New RICS Rights of Light Professional Standard 3rd Edition

The third edition of the Royal Institute of Chartered Surveyors (RICS) Rights of Light Professional Standard came into force on 1 June 2024 (the Professional Standard). The revised edition introduces a number of updates, including a helpful new rights of light protocol on how disputes should be managed, and an updated summary of case law designed to guide professionals (the Protocol).

The Protocol

Though not mandatory, the Protocol's inclusion shows its importance. It provides guidance to chartered surveyors, landowners, and other involved parties on the handling of rights of light disputes. The Protocol aims to provide an open process that encourages landowners to disclose information promptly to minimise the scope for disputes, to promoting a quick resolution and reducing costs.

The Protocol sets out the standard process to be followed. This includes:

  • An introductory letter and initial response stage - This encourages developers to, where an intended development may result in an interference with access to light, send an introductory letter to an adjoining owner which includes details of the development, steps it wishes to take to ascertain the extent to which development may impact access to light and requests an inspection of the property that benefits from a right of light.  An adjoining owner is expected to respond confirming whether they are agreeable to a right of light inspection.  There is also scope for a landowner who benefits/believes they benefit from a right of light to make the first approach to a developer if they have concerns development may infringe upon their right to light.
  • An exchange of information stage - This is intended to include an inspection of the potentially affected property, some agreement on costs, and reasonable requests for any further information.
  • A dispute resolution stage - This sets out the procedures to be followed in the event of a dispute. There is an emphasis on trying to first resolve the issues without litigation through alternative dispute resolution.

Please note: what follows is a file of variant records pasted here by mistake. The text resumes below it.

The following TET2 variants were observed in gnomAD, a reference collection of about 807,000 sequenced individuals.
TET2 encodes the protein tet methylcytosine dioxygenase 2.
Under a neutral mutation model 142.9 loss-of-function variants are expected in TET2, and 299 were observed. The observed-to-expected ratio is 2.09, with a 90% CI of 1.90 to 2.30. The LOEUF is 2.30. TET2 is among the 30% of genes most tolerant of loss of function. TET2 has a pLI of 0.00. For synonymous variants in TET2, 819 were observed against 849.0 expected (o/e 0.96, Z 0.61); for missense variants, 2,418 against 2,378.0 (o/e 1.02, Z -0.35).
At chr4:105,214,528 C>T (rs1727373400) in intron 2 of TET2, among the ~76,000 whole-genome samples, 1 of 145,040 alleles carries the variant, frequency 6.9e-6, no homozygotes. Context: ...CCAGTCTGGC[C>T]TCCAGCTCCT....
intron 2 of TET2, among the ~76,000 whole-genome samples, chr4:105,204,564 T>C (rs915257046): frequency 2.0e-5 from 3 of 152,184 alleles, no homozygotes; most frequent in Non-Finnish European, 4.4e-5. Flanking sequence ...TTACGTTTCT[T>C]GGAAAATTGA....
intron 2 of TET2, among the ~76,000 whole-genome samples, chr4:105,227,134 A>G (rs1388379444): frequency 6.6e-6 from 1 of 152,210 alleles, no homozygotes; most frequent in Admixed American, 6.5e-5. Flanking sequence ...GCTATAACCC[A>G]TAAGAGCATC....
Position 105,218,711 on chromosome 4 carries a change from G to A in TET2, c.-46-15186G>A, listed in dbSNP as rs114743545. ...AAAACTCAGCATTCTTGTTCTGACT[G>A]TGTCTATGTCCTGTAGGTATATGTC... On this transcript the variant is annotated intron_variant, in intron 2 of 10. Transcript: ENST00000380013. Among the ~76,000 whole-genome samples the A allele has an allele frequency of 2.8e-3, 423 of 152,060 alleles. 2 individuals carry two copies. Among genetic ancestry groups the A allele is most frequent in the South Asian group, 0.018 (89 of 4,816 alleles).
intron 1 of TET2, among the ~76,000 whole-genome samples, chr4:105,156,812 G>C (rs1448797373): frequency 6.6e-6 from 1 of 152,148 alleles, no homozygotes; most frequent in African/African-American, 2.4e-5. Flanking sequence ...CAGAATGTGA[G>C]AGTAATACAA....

Each process has a recommended timescale to promote timely disclosure and resolution.

The new Protocol is vital to developers, and landowners who benefit from a right of light. This is because the Protocol provides a clear framework that parties will be expected to follow when dealing with developments that have rights of light concerns. The framework will allow developers the ability to plan their developments in accordance with the anticipated timescales and allow professionals to adequately prepare for each stage of the framework. This brings a host of potential benefits to both landowners and developers as it should increase operational efficiency by allowing resources to be allocated or reallocated when each section of the Protocol is engaged, reducing the overall cost to both parties.

Updated Case Law

The Professional Standard also includes updated case law to reflect recent court rulings on rights of light claims. For example, cases that demonstrate that the anticipated future layouts of properties subject to a benefit to a right of light should be considered when determining the impact of a right of light claim.

The inclusion of recent cases assists landowners and developers because it allows for professionals referring to the Professional Standard to provide better guidance to their clients on the merits or drawbacks of any developments that benefit or are burdened by a right of light. This means practical and legal issues can be narrowed down swiftly and possibly mitigate a potential dispute at the outset.

It is hoped that the Professional Standard will help to assist in resolving disputes concerning rights of light more efficiently, at reduced cost, and outside the court process if possible (where they can become costly and complex).

How can Foot Anstey help?

If you are interested in learning more about this topic or other matters concerning real estate disputes, please contact our team of experts.

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